In the first seven months of this year, the Cambodian Mine Action Centre (CMAC) had cleared a total of 64,562,539sqm, or about 98.60 per cent of the seven-month plan for 2021.
CMAC director-general Heng Ratana said on August 30 that the operations to clear land of mines and explosive remnants of war (ERW) during this period had taken place smoothly and produced good results.
During the operations, CMAC detected and destroyed a total of 31,665 landmines and 8,997units of unexploded ordnance (UXO).
During the seven-month period, CMAC continued to mobilise assistance and undertook 43 projects, of which 23 were underway, 10 were under negotiation and four were expected to begin.
“The financial situation [of CMAC] in the first seven months of 2021 allowed operations to continue and did not affect operating forces, although some projects had been delayed,” Ratana said.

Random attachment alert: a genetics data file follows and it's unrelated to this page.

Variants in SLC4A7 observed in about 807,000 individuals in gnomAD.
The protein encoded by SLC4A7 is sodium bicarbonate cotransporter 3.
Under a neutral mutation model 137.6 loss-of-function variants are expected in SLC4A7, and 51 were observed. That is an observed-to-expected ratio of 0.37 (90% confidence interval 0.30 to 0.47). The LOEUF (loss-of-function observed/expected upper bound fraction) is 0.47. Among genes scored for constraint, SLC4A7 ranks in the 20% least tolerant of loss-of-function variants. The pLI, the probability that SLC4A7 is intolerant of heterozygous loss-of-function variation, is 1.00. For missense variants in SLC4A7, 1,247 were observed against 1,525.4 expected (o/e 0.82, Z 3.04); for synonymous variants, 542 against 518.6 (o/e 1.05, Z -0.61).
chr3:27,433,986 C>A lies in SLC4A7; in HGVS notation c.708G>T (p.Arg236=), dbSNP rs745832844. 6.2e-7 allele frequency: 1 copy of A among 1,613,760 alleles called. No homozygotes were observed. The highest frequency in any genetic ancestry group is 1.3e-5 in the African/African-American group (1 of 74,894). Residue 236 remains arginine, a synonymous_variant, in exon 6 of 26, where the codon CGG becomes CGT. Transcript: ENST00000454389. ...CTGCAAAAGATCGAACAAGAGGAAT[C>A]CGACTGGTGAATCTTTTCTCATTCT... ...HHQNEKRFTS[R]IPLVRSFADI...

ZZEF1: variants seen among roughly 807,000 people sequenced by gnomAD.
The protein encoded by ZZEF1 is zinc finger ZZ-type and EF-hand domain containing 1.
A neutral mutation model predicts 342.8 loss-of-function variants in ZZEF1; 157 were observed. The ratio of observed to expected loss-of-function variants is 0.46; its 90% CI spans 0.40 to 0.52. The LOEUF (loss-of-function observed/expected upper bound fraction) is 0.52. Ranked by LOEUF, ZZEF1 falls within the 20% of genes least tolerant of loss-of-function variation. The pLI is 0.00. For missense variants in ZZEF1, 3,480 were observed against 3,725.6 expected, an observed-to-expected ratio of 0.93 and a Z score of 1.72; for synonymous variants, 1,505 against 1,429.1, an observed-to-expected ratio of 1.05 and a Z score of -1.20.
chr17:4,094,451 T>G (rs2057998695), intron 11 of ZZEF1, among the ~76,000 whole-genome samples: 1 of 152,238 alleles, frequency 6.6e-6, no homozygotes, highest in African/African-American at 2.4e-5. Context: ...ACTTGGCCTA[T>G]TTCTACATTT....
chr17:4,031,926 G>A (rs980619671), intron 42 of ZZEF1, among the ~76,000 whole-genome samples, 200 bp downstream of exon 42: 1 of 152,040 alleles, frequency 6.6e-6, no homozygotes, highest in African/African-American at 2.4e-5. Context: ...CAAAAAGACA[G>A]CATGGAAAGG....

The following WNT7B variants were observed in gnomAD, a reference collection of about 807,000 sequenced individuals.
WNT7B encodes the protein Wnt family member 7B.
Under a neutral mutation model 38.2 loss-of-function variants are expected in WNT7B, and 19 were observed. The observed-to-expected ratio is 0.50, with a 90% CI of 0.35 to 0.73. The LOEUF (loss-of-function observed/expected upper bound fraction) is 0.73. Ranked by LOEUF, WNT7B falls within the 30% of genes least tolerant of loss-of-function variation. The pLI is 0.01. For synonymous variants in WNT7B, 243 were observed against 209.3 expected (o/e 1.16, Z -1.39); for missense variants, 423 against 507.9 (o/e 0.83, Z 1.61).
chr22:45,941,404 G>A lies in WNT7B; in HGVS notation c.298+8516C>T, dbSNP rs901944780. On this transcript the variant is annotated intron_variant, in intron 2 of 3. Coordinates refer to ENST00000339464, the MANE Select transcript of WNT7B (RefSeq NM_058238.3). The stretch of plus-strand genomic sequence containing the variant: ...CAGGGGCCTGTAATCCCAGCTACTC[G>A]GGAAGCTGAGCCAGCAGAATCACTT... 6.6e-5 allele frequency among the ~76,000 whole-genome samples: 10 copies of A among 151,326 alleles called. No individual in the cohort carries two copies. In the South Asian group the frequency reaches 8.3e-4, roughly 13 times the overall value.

Ratana could not be reached for further comment on September 1.
Sam Vireak, the head of CMAC’s Banteay Meanchey province branch, told The Post on September 1 that if the unit had not yet cleared UXO from an area and marked them as safe, people could not grow crops there or make a prosperous life because they were scared of the danger.
“CMAC will inform people when we have cleared an area. If not, we would never say the land is safe for them to use,” he said.
Vireak added that demining in the province was running smoothly and according to the planned 500ha per year.
He said that currently, CMAC’s Banteay Meanchey branch has initiated mine clearance operations in four districts bordering Thailand – Svay Chek, Thma Puok, Malai and O’Chrov – and in Poipet town. These areas are still not completely safe.
Vireak said the government’s plan was to have demining completed by 2025, though there was still work that had not been fully researched. CMAC is also searching for underwater explosives every day. There are also many chemical weapons dropped by the US Air Force in the 1970s that remained uncollected, he said.